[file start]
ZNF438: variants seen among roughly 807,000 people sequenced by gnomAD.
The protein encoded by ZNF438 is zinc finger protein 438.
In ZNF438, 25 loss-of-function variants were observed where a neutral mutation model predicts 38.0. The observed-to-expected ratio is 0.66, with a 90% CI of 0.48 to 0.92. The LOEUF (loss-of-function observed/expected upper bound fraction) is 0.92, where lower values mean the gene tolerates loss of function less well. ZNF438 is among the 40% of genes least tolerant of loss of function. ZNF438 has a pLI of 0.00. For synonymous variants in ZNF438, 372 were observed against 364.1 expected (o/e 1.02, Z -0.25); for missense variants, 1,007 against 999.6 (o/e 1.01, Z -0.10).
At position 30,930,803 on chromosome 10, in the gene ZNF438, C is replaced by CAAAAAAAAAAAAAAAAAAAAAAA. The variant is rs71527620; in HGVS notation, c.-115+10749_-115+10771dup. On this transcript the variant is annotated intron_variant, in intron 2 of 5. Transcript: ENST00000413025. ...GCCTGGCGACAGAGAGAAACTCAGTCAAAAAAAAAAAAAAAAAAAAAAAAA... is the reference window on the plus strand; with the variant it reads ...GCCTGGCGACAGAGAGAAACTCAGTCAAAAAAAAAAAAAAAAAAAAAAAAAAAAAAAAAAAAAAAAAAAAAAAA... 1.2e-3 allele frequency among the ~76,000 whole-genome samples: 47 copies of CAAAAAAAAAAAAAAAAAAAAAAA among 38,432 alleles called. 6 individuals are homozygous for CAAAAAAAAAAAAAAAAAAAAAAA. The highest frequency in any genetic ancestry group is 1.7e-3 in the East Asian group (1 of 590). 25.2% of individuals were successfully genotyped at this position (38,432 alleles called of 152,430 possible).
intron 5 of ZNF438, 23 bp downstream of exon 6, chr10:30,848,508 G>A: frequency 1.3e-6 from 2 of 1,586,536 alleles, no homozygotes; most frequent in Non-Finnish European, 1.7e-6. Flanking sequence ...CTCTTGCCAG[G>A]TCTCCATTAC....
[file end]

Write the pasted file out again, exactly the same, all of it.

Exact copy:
ZNF438: variants seen among roughly 807,000 people sequenced by gnomAD.
The protein encoded by ZNF438 is zinc finger protein 438.
In ZNF438, 25 loss-of-function variants were observed where a neutral mutation model predicts 38.0. The observed-to-expected ratio is 0.66, with a 90% CI of 0.48 to 0.92. The LOEUF (loss-of-function observed/expected upper bound fraction) is 0.92, where lower values mean the gene tolerates loss of function less well. ZNF438 is among the 40% of genes least tolerant of loss of function. ZNF438 has a pLI of 0.00. For synonymous variants in ZNF438, 372 were observed against 364.1 expected (o/e 1.02, Z -0.25); for missense variants, 1,007 against 999.6 (o/e 1.01, Z -0.10).
At position 30,930,803 on chromosome 10, in the gene ZNF438, C is replaced by CAAAAAAAAAAAAAAAAAAAAAAA. The variant is rs71527620; in HGVS notation, c.-115+10749_-115+10771dup. On this transcript the variant is annotated intron_variant, in intron 2 of 5. Transcript: ENST00000413025. ...GCCTGGCGACAGAGAGAAACTCAGTCAAAAAAAAAAAAAAAAAAAAAAAAA... is the reference window on the plus strand; with the variant it reads ...GCCTGGCGACAGAGAGAAACTCAGTCAAAAAAAAAAAAAAAAAAAAAAAAAAAAAAAAAAAAAAAAAAAAAAAA... 1.2e-3 allele frequency among the ~76,000 whole-genome samples: 47 copies of CAAAAAAAAAAAAAAAAAAAAAAA among 38,432 alleles called. 6 individuals are homozygous for CAAAAAAAAAAAAAAAAAAAAAAA. The highest frequency in any genetic ancestry group is 1.7e-3 in the East Asian group (1 of 590). 25.2% of individuals were successfully genotyped at this position (38,432 alleles called of 152,430 possible).
intron 5 of ZNF438, 23 bp downstream of exon 6, chr10:30,848,508 G>A: frequency 1.3e-6 from 2 of 1,586,536 alleles, no homozygotes; most frequent in Non-Finnish European, 1.7e-6. Flanking sequence ...CTCTTGCCAG[G>A]TCTCCATTAC....